Quantcast

Super Tuesday

Virginians to vote in presidential primaries March 1

Jeremy M. Lazarus | 2/25/2016, 10:53 p.m.
Now it is up to the voters. Next week, Virginians will help pick the Democratic and Republican nominees for president. ...

Now it is up to the voters.

Next week, Virginians will help pick the Democratic and Republican nominees for president.

The presidential primary elections for both parties are scheduled for Tuesday, March 1, in the Old Dominion, with polls open from 6 a.m to 7 p.m. in Richmond and across the state.

On the Democratic side, Hillary Clinton, a former U.S. secretary of state under President Obama who previously served as a U.S. senator from New York, is battling U.S. Sen. Bernie Sanders of Vermont for the right to carry the party banner into the fall election.

Sen. Sanders stumped in Norfolk on Tuesday and Mrs. Clinton’s husband, former President Bill Clinton, addressed a Richmond audience Wednesday night to urge support for his spouse. He spoke at the Hippodrome Theater in Jackson Ward around 7 p.m. after making a morning campaign stop in Northern Virginia.

Former President Bill Clinton fires up the audience Wednesday night at the Hippodrome Theater in Richmond’s Jackson Ward during a campaign appearance for his wife, Democratic presidential candidate Hillary Clinton.

Former President Bill Clinton fires up the audience Wednesday night at the Hippodrome Theater in Richmond’s Jackson Ward during a campaign appearance for his wife, Democratic presidential candidate Hillary Clinton.

So far, Mrs. Clinton has won in caucuses in Iowa and Nevada, while Mr. Sanders won a primary in New Hampshire. South Carolina voters will make their choice in a Democratic primary Saturday.

On the Republican side, billionaire businessman Donald Trump will be seeking to pump up his front-runner status for the GOP nomination with a win in Virginia. At this point, he has won in primaries in New Hampshire and South Carolina and the GOP caucus in Nevada heading into next week’s Virginia primary.

GOP presidential candidate John Kasich speaks Monday at a town hall meeting at the Egyptian Building Auditorium on the VCU Medical Center Campus in Downtown.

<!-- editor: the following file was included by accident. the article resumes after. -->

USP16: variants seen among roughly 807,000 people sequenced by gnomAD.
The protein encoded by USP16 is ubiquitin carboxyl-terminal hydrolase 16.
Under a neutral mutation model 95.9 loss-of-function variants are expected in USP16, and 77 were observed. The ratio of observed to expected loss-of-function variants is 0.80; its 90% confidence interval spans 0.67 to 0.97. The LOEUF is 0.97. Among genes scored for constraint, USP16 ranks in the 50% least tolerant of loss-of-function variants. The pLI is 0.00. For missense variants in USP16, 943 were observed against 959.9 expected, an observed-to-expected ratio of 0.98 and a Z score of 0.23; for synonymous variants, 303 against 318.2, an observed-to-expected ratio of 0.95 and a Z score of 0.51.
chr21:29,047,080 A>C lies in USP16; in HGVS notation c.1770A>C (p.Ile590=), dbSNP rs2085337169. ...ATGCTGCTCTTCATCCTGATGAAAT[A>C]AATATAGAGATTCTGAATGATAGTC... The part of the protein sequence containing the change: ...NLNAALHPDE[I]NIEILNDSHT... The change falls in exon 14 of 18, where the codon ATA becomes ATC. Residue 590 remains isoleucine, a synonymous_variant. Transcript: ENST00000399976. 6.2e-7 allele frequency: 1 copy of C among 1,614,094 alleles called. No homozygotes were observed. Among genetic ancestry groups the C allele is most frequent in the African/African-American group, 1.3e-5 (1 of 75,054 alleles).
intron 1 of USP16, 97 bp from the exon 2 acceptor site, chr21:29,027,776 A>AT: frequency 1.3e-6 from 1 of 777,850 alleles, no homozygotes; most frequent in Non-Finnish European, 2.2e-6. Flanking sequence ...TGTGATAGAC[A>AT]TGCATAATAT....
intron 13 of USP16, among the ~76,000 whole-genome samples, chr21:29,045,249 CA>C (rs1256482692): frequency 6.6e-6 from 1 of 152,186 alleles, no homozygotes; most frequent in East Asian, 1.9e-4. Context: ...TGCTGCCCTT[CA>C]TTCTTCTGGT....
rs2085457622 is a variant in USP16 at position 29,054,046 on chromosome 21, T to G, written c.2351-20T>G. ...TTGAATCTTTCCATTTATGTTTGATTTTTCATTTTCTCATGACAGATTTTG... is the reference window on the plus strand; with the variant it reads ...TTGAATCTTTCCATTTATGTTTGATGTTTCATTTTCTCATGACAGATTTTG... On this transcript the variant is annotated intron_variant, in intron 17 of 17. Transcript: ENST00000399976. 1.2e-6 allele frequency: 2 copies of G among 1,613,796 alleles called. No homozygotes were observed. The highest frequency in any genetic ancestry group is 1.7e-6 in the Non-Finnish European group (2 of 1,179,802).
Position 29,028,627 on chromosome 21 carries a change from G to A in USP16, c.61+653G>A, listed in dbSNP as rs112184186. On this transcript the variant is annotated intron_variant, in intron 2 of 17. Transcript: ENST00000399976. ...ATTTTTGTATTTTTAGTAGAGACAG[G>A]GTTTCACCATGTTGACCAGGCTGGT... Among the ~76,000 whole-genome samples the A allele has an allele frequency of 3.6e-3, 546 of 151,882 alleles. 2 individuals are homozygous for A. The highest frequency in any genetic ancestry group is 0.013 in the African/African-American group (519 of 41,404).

GOP presidential candidate John Kasich speaks Monday at a town hall meeting at the Egyptian Building Auditorium on the VCU Medical Center Campus in Downtown.

He has four rivals who are still trying to catch him, including U.S. Sen. Ted Cruz of Texas, who beat Mr. Trump in Iowa, and three others who have no wins yet, U.S. Sen. Marco Rubio of Florida, Ohio Gov. John Kasich and retired pediatric neurosurgeon Ben Carson.

The GOP primary ballot in Virginia will include the names of candidates who already have dropped out, such as former Florida Gov. Jeb Bush and New Jersey Gov. Chris Christie.

Gov. Kasich held a town hall Monday at Virginia Commonwealth University in seeking votes.

The most recent polls in Virginia indicate that Mrs. Clinton and Mr. Trump lead in their respective races.

If endorsements count, Mrs. Clinton is well ahead of her rival. Most of the state’s elected Democratic officials are backing her, including 14 of the 18 members of the Virginia Legislative Black Caucus, Gov. Terry McAuliffe, Richmond Mayor Dwight C. Jones, U.S. Sens. Mark Warner and Tim Kaine and the three Democratic members of the U.S. House of Representatives, including Congressman Robert C. “Bobby” Scott, the lone African-American in the state’s Washington delegation.

Endorsements are far more split among Republicans, although Mr. Trump has garnered almost none from Virginia’s Republican elected officials.

The political spotlight will only be so bright on Virginia as this will be just one of a number of contests on Super Tuesday, as March 1 is known in political circles.

Nine other states, ranging from Alabama to Minnesota and Arkansas to Massachusetts, also will be holding presidential primaries that same day. Georgia, Oklahoma, Tennessee, Texas and Vermont are the other states with primaries.

Democrats also will be caucusing on presidential picks in Colorado and American Samoa, with Republicans holding caucuses in Alaska, North Dakota and Wyoming.